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Last Updated: Sunday, 25 February 2007, 14:29 GMT
Some of your comments on the latest programme...

Sunday 25 February 2007...

On the subject of overcrowding. Why have 3 children if you only have a 2 bedroom house. It's all very well breeding and then complaining that your kids have to share a bedroom. TAKE RESPONSIBILITY! Gary Yeatman, UK

My husband and I live in a very small two bedroom house with our four children (two girls aged 11 and 8 and two boys aged 3 and 1). I sympathise with the Pither family as I feel exactly the same way. We have spoken to the local authorities but the only way they will help is by placing us on a very long housing list and telling us that we can put a bed in our living room. My youngest child has chest problems due to the cramped conditions and we could all do with a bit more space. The out of date law really need updating and very quickly too. Michelle O'Neill Wilkins, England

When a family is provided with a home large enough for their needs they should sign an agreement that they will move out when their children become adult. Mary Welch, England

I'm watching your programme with mounting fury. Who told Mrs Pither to have three kids? I've one, we work flat out, and we're standing still. Why should someone in a council supplied house who keeps producing children be given another house at our expense? Charlie, United Kingdom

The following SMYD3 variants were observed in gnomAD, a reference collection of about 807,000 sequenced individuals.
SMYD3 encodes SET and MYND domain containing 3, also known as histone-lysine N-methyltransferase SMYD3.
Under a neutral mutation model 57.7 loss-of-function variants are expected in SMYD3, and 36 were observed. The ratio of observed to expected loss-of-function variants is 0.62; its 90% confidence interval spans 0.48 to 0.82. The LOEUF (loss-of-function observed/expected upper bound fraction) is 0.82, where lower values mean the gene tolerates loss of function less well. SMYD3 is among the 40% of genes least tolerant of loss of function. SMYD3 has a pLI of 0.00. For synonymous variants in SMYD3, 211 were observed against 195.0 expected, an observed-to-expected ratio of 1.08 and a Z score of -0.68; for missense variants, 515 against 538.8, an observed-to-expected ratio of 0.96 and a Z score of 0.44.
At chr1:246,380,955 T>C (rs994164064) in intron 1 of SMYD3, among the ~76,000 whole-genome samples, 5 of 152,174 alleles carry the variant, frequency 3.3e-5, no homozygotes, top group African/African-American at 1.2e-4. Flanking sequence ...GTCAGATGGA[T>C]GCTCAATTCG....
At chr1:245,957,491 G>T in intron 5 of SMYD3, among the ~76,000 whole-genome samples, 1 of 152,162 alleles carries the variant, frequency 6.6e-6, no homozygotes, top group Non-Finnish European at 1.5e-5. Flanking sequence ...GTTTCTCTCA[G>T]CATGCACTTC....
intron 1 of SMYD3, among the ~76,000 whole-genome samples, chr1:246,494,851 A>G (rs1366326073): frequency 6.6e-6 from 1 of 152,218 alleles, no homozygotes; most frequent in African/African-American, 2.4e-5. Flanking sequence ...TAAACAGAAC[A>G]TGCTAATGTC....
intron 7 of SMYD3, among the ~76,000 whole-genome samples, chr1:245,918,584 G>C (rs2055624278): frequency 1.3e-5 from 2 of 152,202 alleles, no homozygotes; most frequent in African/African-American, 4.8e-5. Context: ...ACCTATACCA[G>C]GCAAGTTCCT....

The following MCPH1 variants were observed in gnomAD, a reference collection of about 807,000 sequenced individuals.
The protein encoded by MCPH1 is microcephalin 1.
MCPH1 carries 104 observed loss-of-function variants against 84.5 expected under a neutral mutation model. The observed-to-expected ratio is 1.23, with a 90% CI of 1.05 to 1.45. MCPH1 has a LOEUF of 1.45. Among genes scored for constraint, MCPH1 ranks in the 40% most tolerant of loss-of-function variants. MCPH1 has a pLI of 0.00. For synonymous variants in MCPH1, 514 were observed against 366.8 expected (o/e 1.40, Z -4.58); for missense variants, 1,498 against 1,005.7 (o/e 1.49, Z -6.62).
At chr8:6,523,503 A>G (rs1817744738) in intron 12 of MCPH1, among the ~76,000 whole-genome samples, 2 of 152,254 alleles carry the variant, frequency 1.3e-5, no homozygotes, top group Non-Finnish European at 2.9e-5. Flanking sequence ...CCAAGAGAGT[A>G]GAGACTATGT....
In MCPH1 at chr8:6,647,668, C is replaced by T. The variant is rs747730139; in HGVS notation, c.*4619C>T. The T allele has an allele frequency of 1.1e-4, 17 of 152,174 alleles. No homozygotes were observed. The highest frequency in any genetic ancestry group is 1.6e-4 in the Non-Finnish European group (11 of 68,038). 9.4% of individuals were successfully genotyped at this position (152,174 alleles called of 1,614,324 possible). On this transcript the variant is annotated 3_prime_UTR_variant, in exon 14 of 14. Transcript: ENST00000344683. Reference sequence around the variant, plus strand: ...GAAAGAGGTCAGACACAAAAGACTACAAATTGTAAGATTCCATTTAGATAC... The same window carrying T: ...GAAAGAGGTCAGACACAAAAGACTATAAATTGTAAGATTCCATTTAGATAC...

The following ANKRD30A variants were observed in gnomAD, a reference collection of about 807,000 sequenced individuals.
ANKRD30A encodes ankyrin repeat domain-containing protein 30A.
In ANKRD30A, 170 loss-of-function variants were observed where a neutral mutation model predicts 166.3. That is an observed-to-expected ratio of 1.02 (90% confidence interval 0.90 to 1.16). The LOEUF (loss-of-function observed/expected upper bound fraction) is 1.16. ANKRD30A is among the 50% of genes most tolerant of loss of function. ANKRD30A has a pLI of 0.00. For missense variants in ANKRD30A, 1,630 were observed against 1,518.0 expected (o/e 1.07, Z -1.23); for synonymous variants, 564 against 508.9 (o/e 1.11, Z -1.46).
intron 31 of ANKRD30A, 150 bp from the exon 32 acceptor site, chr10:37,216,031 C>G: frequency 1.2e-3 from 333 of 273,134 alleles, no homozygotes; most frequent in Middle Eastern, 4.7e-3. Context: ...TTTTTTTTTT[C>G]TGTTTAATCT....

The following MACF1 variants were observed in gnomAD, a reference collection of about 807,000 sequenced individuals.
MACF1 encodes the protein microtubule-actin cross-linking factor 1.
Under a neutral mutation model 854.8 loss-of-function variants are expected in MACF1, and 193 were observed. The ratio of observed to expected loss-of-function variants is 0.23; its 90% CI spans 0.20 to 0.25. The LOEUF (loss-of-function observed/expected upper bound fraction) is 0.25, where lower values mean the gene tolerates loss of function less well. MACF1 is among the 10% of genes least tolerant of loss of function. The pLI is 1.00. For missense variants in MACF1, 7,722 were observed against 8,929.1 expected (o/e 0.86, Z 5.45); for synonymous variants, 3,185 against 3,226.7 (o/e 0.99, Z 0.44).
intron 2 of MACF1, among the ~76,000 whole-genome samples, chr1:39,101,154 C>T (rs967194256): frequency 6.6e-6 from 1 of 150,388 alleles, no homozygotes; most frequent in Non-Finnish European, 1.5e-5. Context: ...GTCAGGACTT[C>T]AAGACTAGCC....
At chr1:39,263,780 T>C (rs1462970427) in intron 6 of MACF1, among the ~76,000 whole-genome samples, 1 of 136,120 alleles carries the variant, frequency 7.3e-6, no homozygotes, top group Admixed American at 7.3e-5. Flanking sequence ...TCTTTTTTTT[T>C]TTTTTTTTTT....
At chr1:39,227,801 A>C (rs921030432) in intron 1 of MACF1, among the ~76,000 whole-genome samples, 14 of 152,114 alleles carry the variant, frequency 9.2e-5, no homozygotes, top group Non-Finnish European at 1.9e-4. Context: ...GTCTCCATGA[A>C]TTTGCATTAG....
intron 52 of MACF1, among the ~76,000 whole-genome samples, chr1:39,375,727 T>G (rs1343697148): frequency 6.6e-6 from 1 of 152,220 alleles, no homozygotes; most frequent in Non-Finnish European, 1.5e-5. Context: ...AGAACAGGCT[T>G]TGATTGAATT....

What an absolute disgrace. Yet again I get the feeling that tax payers are going to be asked to pay for other people's problems. The family reported on in your programme, and any others like them, did not have to have children - it's entirely optional, and they did not have to have three children. Instead, they could make the same decisions as everyone else has to and only had children when they could afford to. Those living in the real world have to provide their own housing with their own money for themselves and their families - why should hardworking people who have had to make difficult choices also have to fund other people and their children. Overcrowding is self-inflicted, so people should take responsibility for their own actions and deal with it, or accept it. Vicki Hill, England

I was interested in your report on the Government's plans to redress the 'Overcrowding' rule. I currently live in a two roomed private apartment with four children aged 13 (boy), 8(girl), 4 and 4 (twins of opposite gender). The three younger ones share one room, my son has a box room and I sleep in the lounge/diner/kitchen. Due to the design of the property there is no private entrance separate from that used by the Landlord and his guests. Despite having special welfare status due to the family history of the younger children, the Local Authority refuse to re-house us a matter of urgency. Anson T. Foster, UK

The piece would have had more force if the family chosen did not come over as undeserving. There seemed not a word about their own efforts to escape overcrowding, how they got into the situation, and in particular what their circumstances were when they chose to have a third child. There may be persuasive answers to these questions, but you made no attempt to provide them. In this you may well be encouraging the views of those who fear a fecklessness charter. Dave, UK

These were some of your comments on the Politics Show on Sunday 25 February 2007 at 12:00 GMT on BBC One.

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